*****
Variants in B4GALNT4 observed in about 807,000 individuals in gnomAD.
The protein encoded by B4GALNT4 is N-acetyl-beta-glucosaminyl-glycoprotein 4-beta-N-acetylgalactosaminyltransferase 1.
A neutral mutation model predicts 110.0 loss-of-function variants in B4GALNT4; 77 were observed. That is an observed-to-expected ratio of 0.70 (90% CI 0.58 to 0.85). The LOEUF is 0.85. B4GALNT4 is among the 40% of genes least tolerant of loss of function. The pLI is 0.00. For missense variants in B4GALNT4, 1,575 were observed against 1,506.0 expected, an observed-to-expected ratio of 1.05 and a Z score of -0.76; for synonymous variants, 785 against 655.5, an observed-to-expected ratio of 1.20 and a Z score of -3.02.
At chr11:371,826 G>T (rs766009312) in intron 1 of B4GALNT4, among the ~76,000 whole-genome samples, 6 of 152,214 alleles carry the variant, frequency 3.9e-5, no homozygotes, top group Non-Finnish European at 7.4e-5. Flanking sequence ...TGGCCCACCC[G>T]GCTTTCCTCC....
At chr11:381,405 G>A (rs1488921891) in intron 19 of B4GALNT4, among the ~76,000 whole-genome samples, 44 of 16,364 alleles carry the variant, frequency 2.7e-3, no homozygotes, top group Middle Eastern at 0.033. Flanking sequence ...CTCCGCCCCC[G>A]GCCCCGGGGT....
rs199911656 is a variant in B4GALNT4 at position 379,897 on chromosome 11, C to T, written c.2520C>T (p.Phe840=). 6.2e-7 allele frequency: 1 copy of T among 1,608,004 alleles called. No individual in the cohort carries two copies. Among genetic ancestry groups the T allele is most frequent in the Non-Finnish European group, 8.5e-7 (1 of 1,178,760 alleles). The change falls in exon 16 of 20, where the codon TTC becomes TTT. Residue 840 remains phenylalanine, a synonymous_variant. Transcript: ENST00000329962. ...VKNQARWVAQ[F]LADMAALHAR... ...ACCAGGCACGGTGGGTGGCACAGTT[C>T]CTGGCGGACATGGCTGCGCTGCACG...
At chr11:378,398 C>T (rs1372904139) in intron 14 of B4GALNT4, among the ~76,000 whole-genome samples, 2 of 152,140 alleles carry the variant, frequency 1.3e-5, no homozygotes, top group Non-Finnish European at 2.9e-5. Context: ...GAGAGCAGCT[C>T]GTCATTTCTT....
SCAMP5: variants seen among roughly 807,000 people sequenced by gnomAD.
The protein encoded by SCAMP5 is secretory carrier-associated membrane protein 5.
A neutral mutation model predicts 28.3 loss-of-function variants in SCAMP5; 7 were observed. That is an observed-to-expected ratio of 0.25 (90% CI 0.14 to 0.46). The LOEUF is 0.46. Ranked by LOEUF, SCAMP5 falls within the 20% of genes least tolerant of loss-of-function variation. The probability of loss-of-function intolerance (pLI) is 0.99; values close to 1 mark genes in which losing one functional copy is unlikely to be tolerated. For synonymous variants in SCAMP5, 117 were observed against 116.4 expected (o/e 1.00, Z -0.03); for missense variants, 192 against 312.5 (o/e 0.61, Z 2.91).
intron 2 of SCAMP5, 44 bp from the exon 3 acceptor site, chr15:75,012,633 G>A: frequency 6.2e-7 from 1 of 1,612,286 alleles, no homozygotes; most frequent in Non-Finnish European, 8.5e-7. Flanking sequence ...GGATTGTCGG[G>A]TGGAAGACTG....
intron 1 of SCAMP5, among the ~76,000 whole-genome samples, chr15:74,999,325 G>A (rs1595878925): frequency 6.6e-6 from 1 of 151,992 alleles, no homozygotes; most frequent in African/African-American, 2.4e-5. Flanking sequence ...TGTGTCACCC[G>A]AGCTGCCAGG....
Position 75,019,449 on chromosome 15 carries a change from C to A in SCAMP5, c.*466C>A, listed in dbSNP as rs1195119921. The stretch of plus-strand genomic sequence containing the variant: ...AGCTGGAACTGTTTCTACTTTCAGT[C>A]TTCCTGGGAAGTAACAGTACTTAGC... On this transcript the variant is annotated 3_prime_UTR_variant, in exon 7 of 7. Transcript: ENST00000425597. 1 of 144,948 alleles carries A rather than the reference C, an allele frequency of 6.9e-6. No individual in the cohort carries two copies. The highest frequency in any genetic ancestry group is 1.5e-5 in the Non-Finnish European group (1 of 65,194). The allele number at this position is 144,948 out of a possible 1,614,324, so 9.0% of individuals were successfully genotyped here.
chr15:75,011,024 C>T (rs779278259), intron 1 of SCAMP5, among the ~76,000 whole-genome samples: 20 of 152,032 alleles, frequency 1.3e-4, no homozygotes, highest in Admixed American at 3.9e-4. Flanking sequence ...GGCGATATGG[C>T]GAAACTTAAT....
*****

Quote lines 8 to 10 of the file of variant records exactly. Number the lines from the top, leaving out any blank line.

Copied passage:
SCAMP5: variants seen among roughly 807,000 people sequenced by gnomAD.
The protein encoded by SCAMP5 is secretory carrier-associated membrane protein 5.
A neutral mutation model predicts 28.3 loss-of-function variants in SCAMP5; 7 were observed. That is an observed-to-expected ratio of 0.25 (90% CI 0.14 to 0.46). The LOEUF is 0.46. Ranked by LOEUF, SCAMP5 falls within the 20% of genes least tolerant of loss-of-function variation. The probability of loss-of-function intolerance (pLI) is 0.99; values close to 1 mark genes in which losing one functional copy is unlikely to be tolerated. For synonymous variants in SCAMP5, 117 were observed against 116.4 expected (o/e 1.00, Z -0.03); for missense variants, 192 against 312.5 (o/e 0.61, Z 2.91).